Eventually, during her third trimester, Lobatos began running into people in public, resulting in many learning about her pregnancy. She posted a sonogram picture to calm the rumors and then refrained from doing so again until she gave birth.
It kind of felt like there wasn’t any safe time to announce it.
Tina Donvito, mother to four-year-old Sam, also made the choice to remain off social media during her pregnancy, although her decision was for different reasons.
“I had five miscarriages before I was successfully pregnant and one of my miscarriages was very late — it was 17 weeks — so it was quite devastating,” Donvito said. “It kind of felt like there wasn’t any safe time to announce it. Most people wait until they’re past their first trimester and then they think they’re in the clear. But for me, that kind of wasn’t necessarily the case.”
Donvito was living life on the mantra many women who experience miscarriages are told: “OK, today I’m pregnant.” And so, to stay focused on herself and her pregnancy, she refrained from posting.
“It never really felt like the right time and also I think, just in my own day-to-day life, I was still trying to come to terms with the fact that this was really happening. It was almost like I kind of didn’t believe it and that was what I needed to do to get through the day.”
Donvito explains that staying off social media allowed her to be in the right mindset to prepare for the arrival of her son and to fight through the trauma from her past miscarriages. Although she “would have liked to have celebrated it in the way” many others do by sharing daily updates online, her break from social media was a fantastic choice.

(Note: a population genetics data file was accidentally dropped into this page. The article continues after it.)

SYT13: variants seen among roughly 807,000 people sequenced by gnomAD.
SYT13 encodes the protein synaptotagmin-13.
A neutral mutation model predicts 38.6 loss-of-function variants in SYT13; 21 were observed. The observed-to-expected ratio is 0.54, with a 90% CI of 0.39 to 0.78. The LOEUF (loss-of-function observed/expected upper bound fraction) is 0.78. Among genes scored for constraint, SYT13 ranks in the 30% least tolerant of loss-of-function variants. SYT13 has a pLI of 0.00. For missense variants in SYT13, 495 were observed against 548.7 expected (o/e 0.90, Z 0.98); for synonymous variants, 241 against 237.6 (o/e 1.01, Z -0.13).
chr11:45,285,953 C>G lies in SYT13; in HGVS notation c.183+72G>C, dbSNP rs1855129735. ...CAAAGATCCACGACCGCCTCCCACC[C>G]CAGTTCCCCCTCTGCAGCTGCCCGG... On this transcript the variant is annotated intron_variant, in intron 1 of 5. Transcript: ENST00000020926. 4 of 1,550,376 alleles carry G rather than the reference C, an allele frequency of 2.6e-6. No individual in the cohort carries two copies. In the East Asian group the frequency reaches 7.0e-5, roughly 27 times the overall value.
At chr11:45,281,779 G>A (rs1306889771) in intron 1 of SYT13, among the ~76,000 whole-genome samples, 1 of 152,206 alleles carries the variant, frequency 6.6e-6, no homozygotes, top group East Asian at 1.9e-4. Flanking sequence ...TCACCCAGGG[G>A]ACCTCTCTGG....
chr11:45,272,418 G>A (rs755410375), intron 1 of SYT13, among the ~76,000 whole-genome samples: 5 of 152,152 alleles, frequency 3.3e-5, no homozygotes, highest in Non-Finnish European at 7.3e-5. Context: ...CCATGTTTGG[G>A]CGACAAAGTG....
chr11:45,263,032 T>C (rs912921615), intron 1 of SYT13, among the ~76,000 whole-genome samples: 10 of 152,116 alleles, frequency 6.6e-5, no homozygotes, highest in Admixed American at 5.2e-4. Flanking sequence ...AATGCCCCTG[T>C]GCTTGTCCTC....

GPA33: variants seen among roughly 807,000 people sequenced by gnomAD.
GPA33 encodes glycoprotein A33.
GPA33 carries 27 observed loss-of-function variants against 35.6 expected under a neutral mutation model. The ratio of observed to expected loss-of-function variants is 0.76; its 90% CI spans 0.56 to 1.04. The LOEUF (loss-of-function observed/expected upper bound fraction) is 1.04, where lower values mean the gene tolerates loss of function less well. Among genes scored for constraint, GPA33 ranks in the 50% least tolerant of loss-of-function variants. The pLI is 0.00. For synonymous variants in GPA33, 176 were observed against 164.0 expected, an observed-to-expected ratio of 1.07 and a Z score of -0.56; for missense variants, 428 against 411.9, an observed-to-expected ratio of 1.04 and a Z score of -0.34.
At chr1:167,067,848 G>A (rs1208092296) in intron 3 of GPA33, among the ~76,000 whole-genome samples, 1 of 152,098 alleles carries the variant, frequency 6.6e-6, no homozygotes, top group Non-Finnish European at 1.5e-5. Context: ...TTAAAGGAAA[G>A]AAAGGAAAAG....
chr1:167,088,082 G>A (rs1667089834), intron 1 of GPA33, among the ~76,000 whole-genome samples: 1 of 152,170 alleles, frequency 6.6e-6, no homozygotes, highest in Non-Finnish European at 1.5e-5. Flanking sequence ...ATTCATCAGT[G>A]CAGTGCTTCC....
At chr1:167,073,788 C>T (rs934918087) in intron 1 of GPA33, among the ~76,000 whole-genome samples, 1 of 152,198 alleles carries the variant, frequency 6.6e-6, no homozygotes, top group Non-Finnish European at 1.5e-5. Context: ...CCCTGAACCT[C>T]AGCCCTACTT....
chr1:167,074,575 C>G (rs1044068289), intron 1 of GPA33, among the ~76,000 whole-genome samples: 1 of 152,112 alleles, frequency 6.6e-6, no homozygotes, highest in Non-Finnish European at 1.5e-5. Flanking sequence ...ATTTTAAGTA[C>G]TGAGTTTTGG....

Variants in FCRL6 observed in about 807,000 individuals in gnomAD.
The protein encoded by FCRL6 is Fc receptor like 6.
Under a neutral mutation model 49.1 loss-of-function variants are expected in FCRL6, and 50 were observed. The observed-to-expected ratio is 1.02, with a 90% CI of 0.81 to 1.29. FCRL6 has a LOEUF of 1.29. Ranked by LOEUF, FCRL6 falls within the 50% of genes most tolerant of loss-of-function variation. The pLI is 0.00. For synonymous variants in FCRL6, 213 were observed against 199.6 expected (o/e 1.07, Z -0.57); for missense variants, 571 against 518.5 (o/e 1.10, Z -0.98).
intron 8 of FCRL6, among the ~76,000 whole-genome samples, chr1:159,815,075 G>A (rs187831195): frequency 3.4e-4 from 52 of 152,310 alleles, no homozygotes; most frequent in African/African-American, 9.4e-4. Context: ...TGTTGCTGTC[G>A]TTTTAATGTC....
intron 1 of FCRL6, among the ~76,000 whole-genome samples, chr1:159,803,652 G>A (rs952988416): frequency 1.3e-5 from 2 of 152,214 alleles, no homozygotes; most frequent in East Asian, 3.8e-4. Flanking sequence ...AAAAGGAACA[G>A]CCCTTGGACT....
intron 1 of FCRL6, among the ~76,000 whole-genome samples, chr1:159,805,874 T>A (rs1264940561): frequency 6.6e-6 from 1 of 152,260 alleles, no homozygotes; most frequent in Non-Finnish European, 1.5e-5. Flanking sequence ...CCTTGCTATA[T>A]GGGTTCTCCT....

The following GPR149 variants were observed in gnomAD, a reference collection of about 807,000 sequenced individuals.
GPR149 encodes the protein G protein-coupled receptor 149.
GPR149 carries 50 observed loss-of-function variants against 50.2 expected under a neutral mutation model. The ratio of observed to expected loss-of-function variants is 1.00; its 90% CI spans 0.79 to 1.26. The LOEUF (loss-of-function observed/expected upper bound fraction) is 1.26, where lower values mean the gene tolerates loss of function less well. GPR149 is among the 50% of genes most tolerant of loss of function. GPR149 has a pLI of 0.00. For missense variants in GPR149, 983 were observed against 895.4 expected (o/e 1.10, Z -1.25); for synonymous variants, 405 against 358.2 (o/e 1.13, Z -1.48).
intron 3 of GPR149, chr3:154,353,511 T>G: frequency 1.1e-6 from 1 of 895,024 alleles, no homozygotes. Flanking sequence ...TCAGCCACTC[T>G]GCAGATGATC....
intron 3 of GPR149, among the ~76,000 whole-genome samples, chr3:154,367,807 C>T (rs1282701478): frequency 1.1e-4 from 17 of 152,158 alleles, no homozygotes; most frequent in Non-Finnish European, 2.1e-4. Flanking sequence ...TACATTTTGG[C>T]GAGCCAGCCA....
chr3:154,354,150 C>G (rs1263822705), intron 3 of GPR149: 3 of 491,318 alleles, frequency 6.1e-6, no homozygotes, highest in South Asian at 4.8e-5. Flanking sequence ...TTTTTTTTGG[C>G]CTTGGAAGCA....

“I really think I needed to focus on myself and what I needed to do mentally to try to prepare because it was very difficult for me to imagine that I was going to have a baby at the end of this,” she tells me.
Following her baby shower during her third trimester, friends posted pictures of Donvito and her baby bump online and suddenly, the news was out. Although she was treated with warm congratulatory remarks, she herself continued to stay offline.
“Every reaction I got once it was on social media was positive,” she recalled. “I wasn’t like with Kylie Jenner where I was worried people were going to be criticizing me for one reason or another for being pregnant. But I understand in her statement what she’s saying, needing to be in that positive place where you just focus on you and you don’t have these outside influences, and I think that’s what I — obviously for different reasons — needed to do.”
Both Lobatos and Donvito explained that staying off social media during their pregnancies was a great personal choice. It allowed them both to focus on the trails at hand and to begin to adjust to their new lives, without the worry of friends and even strangers prying into their pregnancies.
Both mothers now post about their sons online.
Lobatos adds, “If anything, my life means more now than it did before. I just had to get over… what I thought my life would have been and realize that yeah, my life is different, but it’s for the better, and I like sharing that now because it makes me happy.”
Check out Romper's new video series, Bearing The Motherload, where disagreeing parents from different sides of an issue sit down with a mediator and talk about how to support (and not judge) each other’s parenting perspectives. New episodes air Mondays on Facebook.